[Advaita-l] Re: Pa~nchapAdikAchArya
anandhudli at hotmail.com
Wed Nov 15 07:26:15 CST 2006
The debate about two avidya's (mulAvidya and adhyAsa or tulAvidya) has been
settled in the 1976 debate as I mentioned in my earlier message or even
earlier, according to Shri V.S. Ramachandra Sastri, the great Vedanta
scholar who, at one time even taught Shri Abhinava Vidyatirtha Svaminah
before his ascension to the Sharada Peetha.
Basically, there are two views - one that holds adhyAsa as naisargika and
the other that looks for a "cause" of this adhyAsa. Both the vivaraNa and
bhAmatI schools accept the second position.
The criticism that PanchapAdikA comes under from the Holenarsipur school is
well known, namely that against the explanation of "mithyAjnAna", which is
introduced right in the commentary on the adhAysa-bhAShya. Likewise, the
bhAmatI has been criticized on the same grounds, for accepting two avidyas,
in works such as the bhAmatI-samAlochanam.h by Jnananandendra Sarasvati.
Vachaspati Mishra begins his famous bhAmatI with
"anirvAchyAvidyAdvitayasya...", which is clarified by amalAnanda, the author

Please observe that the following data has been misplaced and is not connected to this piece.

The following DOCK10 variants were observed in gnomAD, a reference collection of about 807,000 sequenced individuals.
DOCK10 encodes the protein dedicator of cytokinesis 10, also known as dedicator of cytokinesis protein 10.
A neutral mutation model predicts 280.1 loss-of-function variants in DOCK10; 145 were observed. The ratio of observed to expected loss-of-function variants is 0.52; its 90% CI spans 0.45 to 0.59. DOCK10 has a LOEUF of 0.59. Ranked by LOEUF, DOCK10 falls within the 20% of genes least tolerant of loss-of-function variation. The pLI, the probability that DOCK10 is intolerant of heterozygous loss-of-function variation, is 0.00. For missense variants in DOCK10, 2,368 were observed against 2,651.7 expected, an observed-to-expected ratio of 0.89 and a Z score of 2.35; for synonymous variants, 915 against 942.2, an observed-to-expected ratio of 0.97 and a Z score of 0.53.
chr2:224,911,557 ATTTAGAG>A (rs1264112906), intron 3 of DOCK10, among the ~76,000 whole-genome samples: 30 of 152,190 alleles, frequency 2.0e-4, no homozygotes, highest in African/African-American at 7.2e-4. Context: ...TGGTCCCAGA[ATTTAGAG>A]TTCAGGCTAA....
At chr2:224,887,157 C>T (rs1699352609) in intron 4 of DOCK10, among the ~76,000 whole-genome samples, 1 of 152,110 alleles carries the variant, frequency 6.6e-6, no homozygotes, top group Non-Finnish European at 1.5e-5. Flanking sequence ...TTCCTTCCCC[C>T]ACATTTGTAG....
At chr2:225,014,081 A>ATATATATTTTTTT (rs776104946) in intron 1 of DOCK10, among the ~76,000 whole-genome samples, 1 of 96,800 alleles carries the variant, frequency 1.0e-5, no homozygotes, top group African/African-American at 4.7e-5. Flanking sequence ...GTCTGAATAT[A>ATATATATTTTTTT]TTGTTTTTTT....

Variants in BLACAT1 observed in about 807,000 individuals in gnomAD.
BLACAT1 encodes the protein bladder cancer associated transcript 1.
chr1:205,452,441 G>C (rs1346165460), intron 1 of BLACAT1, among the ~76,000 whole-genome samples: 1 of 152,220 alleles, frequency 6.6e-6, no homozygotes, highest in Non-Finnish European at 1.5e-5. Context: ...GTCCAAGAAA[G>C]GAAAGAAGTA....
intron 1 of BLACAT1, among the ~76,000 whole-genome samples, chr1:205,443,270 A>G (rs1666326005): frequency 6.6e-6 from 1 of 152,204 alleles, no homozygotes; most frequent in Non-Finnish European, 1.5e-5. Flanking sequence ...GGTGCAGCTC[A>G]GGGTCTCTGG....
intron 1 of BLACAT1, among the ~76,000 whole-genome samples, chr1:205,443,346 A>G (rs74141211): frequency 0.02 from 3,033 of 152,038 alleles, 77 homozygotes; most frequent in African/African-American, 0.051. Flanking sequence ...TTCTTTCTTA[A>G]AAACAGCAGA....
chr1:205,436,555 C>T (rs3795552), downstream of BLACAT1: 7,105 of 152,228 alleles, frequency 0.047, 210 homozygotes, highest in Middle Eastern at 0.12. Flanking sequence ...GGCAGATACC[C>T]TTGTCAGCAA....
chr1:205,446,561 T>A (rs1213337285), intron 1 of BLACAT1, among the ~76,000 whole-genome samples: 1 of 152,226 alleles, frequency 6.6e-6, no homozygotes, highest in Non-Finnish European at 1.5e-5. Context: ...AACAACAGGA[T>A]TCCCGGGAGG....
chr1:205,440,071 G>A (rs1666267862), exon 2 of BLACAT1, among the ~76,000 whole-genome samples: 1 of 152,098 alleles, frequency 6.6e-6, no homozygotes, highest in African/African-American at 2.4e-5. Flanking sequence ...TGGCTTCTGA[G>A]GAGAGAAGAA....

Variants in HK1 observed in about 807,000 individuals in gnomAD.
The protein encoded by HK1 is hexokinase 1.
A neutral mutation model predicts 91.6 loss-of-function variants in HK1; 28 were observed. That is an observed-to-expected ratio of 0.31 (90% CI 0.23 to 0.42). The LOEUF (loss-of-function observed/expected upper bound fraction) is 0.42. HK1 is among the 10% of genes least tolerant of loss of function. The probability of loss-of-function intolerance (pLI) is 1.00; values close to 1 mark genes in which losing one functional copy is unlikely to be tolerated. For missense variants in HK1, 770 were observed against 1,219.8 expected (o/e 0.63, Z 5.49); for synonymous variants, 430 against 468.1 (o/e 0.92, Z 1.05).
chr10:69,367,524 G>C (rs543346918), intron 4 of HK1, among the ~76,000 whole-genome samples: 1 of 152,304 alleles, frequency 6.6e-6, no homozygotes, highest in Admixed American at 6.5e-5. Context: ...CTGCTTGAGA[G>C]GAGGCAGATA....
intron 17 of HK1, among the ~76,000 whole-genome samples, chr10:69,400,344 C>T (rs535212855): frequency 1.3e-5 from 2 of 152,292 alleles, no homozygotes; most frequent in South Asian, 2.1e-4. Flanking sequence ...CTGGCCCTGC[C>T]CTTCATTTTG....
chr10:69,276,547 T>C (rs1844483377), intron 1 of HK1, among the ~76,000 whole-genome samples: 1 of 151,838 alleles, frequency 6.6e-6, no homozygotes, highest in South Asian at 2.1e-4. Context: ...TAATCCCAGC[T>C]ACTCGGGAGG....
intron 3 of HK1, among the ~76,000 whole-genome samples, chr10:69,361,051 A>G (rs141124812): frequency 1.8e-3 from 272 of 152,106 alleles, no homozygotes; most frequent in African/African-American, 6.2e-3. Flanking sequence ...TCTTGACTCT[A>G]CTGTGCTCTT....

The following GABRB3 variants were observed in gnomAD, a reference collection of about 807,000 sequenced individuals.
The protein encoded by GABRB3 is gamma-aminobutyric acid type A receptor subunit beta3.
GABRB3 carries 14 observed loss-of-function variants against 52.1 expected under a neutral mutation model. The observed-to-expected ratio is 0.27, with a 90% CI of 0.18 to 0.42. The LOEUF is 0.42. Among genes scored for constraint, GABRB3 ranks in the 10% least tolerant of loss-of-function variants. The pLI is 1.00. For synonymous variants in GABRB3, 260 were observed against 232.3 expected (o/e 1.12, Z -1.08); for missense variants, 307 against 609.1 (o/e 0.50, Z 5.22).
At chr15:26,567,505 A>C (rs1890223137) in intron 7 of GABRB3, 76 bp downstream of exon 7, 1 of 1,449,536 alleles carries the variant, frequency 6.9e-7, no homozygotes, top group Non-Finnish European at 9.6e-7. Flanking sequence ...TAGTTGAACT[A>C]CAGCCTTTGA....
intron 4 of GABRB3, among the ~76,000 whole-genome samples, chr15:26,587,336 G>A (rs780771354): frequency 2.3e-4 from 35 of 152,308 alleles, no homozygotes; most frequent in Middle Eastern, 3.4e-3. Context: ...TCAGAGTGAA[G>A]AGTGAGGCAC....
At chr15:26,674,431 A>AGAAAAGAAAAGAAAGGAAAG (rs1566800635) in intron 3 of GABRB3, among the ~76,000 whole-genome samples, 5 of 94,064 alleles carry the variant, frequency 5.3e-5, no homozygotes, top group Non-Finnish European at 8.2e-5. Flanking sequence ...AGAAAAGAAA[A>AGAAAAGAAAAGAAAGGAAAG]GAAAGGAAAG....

of Kalpataru as "hyekA anAdir bhAvarUpA" and the other as "
pUrvapUrvavibhramasaMskAraH", and he does define anirvAchyA as not definable
as real or not real, "sattvAsattvAbhyAm-anirvAchyam.h".
There are two questions that one needs to ask of post-Shankaran advaitins.
1) Have they drastically deviated from Shankara so as to distort his theory?
2) Have they put forth something that contradicts the basic tenets of
advaita? The answer to the second question, which is in some way more
important than the first one, is a "No" based on texts such as the siddhAnta
bindu, siddhAnta-lesha-saMgraha, and sayings of Shri Bharati Tirtha
Svaminah. The answer to the first question is a "No" too based on the 1976
debate and other articles. In order to show this, one needs to study the
bhAShya of Shankara on various sUtras such as 2.3.31 and 3.2.9, not just the
adhyAsa bhAShya. It is only after considering the bhAShya on various sUtras
that one notices the consistency between what the bhAShya says and what
panchapAdikA and bhAmatI say.
The consistency between the bhAShya and the later texts that advocate two
avidyas lies in the analysis of sleep and waking states or the pralaya
(dissolution) and the world as we see it. Shankara agrees, without a doubt,
in his bhAShya that avidya persists in the sleep state citing the analogy of
manhood being present in a small boy. Just as manhood manifests itself fully
when the boy comes of age, so too the avidya gets its "full-blown" status in
the waking state. Now, it is a simple matter to infer and justify that the
avidya that persists in the sleep state is more primary than the one in the
waking state, ie. it is the kAraNa-avidyA and the one in the waking state is
the kArya-avidyA. Shankara, in fact, mentions the analogy of a seed and the
sprout which emerges from the seed. It is clear that the panchapAdikA's
position and that of the bhAmatI is faithful to the bhAShya of Shankara.
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